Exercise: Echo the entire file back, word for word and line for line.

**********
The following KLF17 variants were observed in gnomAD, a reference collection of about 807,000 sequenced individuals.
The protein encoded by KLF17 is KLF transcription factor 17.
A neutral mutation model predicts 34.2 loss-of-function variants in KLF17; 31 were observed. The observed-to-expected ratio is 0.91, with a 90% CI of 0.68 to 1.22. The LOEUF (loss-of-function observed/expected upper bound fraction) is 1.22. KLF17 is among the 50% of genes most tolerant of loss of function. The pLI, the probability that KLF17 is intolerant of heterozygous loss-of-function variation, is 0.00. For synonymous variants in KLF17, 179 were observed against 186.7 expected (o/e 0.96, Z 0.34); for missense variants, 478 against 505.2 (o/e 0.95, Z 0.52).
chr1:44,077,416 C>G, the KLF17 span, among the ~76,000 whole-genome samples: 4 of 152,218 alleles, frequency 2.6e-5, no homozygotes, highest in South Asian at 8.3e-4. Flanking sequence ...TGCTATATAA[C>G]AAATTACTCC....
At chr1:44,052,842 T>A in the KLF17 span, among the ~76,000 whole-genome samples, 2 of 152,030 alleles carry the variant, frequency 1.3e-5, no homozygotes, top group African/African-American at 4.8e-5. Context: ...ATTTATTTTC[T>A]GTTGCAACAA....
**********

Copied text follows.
The following KLF17 variants were observed in gnomAD, a reference collection of about 807,000 sequenced individuals.
The protein encoded by KLF17 is KLF transcription factor 17.
A neutral mutation model predicts 34.2 loss-of-function variants in KLF17; 31 were observed. The observed-to-expected ratio is 0.91, with a 90% CI of 0.68 to 1.22. The LOEUF (loss-of-function observed/expected upper bound fraction) is 1.22. KLF17 is among the 50% of genes most tolerant of loss of function. The pLI, the probability that KLF17 is intolerant of heterozygous loss-of-function variation, is 0.00. For synonymous variants in KLF17, 179 were observed against 186.7 expected (o/e 0.96, Z 0.34); for missense variants, 478 against 505.2 (o/e 0.95, Z 0.52).
chr1:44,077,416 C>G, the KLF17 span, among the ~76,000 whole-genome samples: 4 of 152,218 alleles, frequency 2.6e-5, no homozygotes, highest in South Asian at 8.3e-4. Flanking sequence ...TGCTATATAA[C>G]AAATTACTCC....
At chr1:44,052,842 T>A in the KLF17 span, among the ~76,000 whole-genome samples, 2 of 152,030 alleles carry the variant, frequency 1.3e-5, no homozygotes, top group African/African-American at 4.8e-5. Context: ...ATTTATTTTC[T>A]GTTGCAACAA....